The nightlife options in Mexico City go way beyond your everyday bars and clubs. There are classic cabarets with live orchestras and hot lights, pulquerías where pulque (a fermented agave drink) flows all day, and cantinas overflowing with mariachis and tequila. Mexico City’s nightlife is truly in a class of its own, and if you can’t find your style of drinking establishment here, then it probably doesn’t exist.
Patrick Miller $ — Come for the high energy dancing and stay for the all-too-frequent dance offs. Located in a reconditioned warehouse, Patrick Miller is where people gather to show off their best moves. Everyone — hipsters and punks, young and old — get together at Patrick Miller on Fridays, making it the most democratic party in town. The place gets hot inside, but there are beer and energy drinks to cool you down. Patrick Miller is open from 9:00 PM to 4:00 AM, but arrive on the earlier side to guarantee entry.
El Real Under $ — El Real Under is a gateway to the mid-1980s goth and post-punk scene. The place is built into an old house in Roma and has two floors with different themes. The walls are covered in murals and illuminated with red lights. It’s the perfect alternative to the more commercial options around town and a great spot to get into the city’s underground culture.
Mama Rumba $$ — A classic dancehall in the heart of Roma, Mama Rumba specializes in Cuban rhythms, especially salsa. Visit Mama Rumba on Wednesday and Thursday nights for its famous dancing lessons, which are suitable for every level. If you’re already an experienced dancer, come during the weekend and share your moves with some of the most experienced salsa dancers in town.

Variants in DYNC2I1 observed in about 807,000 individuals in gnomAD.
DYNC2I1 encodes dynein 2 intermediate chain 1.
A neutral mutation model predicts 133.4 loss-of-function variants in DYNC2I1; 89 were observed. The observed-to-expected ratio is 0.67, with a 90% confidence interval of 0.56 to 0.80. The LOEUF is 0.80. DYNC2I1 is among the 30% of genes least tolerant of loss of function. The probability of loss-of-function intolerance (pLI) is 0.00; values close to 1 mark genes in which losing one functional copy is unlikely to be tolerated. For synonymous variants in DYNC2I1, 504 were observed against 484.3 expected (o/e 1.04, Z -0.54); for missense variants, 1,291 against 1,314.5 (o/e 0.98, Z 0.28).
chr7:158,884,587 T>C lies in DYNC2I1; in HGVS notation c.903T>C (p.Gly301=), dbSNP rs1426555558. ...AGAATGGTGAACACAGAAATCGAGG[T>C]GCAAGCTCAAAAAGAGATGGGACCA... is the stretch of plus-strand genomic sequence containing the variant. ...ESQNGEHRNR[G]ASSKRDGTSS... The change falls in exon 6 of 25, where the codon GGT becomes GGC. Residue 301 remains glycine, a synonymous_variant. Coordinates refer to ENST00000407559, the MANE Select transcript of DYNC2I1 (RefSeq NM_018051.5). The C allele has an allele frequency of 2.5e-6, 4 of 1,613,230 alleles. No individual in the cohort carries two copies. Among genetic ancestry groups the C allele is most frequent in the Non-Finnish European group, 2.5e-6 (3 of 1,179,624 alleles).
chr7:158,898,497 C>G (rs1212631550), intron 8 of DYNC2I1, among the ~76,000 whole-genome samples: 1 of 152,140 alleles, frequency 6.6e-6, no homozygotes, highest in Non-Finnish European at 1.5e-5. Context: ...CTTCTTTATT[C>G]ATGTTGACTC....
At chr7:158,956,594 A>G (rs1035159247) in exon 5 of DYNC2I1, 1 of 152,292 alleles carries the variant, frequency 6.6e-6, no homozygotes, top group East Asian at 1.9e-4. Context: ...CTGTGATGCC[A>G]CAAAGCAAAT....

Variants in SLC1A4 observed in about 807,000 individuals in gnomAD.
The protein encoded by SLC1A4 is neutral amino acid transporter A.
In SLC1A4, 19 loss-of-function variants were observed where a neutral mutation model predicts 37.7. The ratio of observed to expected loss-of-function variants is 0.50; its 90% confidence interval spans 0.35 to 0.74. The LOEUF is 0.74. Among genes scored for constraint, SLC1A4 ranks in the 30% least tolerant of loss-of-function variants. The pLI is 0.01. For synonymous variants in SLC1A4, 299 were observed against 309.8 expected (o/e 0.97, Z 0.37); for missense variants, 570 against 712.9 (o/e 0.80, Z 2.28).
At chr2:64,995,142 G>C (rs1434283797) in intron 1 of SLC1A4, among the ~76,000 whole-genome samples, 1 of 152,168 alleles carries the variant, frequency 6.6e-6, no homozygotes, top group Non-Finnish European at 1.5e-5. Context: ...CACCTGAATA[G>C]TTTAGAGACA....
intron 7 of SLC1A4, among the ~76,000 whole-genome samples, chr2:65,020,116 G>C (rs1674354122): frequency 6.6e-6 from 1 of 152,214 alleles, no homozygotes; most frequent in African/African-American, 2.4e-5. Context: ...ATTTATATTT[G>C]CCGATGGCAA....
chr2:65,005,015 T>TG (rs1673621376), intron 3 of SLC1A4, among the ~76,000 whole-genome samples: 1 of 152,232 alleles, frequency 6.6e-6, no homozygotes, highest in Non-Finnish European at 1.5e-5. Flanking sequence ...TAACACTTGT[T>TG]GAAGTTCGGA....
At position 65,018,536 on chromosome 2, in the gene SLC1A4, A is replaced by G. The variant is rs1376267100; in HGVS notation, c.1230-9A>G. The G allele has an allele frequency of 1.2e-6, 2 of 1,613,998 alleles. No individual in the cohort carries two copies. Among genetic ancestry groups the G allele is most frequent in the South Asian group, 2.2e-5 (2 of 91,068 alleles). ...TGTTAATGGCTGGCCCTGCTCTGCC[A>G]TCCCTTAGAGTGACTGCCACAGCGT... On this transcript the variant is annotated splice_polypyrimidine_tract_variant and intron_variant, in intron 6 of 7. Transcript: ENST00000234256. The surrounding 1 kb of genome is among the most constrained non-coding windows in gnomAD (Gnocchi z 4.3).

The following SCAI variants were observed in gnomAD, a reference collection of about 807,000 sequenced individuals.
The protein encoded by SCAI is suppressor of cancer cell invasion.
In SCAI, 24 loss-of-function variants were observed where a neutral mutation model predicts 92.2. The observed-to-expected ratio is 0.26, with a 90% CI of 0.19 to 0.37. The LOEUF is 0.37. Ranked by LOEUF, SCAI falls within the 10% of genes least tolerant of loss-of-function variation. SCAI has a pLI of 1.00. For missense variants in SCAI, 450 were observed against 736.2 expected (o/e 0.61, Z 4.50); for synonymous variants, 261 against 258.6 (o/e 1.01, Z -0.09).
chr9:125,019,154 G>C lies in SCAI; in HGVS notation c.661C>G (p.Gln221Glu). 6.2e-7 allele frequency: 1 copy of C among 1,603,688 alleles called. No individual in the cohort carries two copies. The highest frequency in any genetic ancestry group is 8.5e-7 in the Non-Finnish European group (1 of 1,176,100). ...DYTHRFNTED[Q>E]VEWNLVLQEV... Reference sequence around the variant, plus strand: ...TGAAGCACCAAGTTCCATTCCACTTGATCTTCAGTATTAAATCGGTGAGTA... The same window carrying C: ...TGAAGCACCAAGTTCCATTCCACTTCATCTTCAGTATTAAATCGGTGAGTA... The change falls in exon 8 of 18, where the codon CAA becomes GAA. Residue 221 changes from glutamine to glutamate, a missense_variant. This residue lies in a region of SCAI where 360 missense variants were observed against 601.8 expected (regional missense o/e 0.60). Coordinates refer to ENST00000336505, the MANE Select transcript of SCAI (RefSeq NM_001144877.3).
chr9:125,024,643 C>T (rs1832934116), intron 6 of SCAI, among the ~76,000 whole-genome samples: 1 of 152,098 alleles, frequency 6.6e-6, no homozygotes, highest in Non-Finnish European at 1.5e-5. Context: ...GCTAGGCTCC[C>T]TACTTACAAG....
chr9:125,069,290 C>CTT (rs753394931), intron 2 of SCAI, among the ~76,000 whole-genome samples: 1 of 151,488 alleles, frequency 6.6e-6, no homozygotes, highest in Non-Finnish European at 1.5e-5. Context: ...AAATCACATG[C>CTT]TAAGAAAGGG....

Departamento $$ — The name should be a good sign of what this place is all about. Departamento is like partying at the apartment of a friend who has great taste in music and excellent party-planning skills. Live DJs and occasional jazz bands complement the atmosphere in this classic after-hours spot.
Los Amantes $$ — With more than 300 mezcals (including a house brand), Los Amantes claims to be the largest mezcaleria in the world. There’s a good selection of traditional Mexican food to complete your mezcal choices, and the staff is always willing to help you decide your next drink. It’s a great spot to indulge in one of Mexico’s more traditional beverages, especially after a day roaming around Polanco or Chapultepec.
AM Local $$ — AM Local is one of the most popular after-hours clubs in Mexico City, especially for fans of EDM. Local and international DJs keep the party going until 5:00 AM. The place is large, so you shouldn’t have trouble getting in. Inside, you’ll find a dance floor and a spectacle of lights.
La Botica $$ — One of the first places to rise after the mezcal boom in Mexico City, La Botica is an easygoing dive bar. It has its own mezcal brand, and the staff can guide you through tastings. The mezcalería is reminiscent of traditional, small-town Mexican bars with tin tables and foldable chairs. It gets busy on weekends, but you’ll be able to get a table if you hang around for a while.
Xaman $$$ — One of Zona Rosa’s best-kept secrets, Xaman is an underground bar that mixes fancy cocktails with shamanistic vibes. The live DJs are in charge of keeping the esoteric atmosphere with a little help from incense sticks, low lights, and lots of plants. Arrive here early because it can get crowded late at night. There’s no way to spot the bar from the outside, but it’s not that hard to find once you’re on the right block.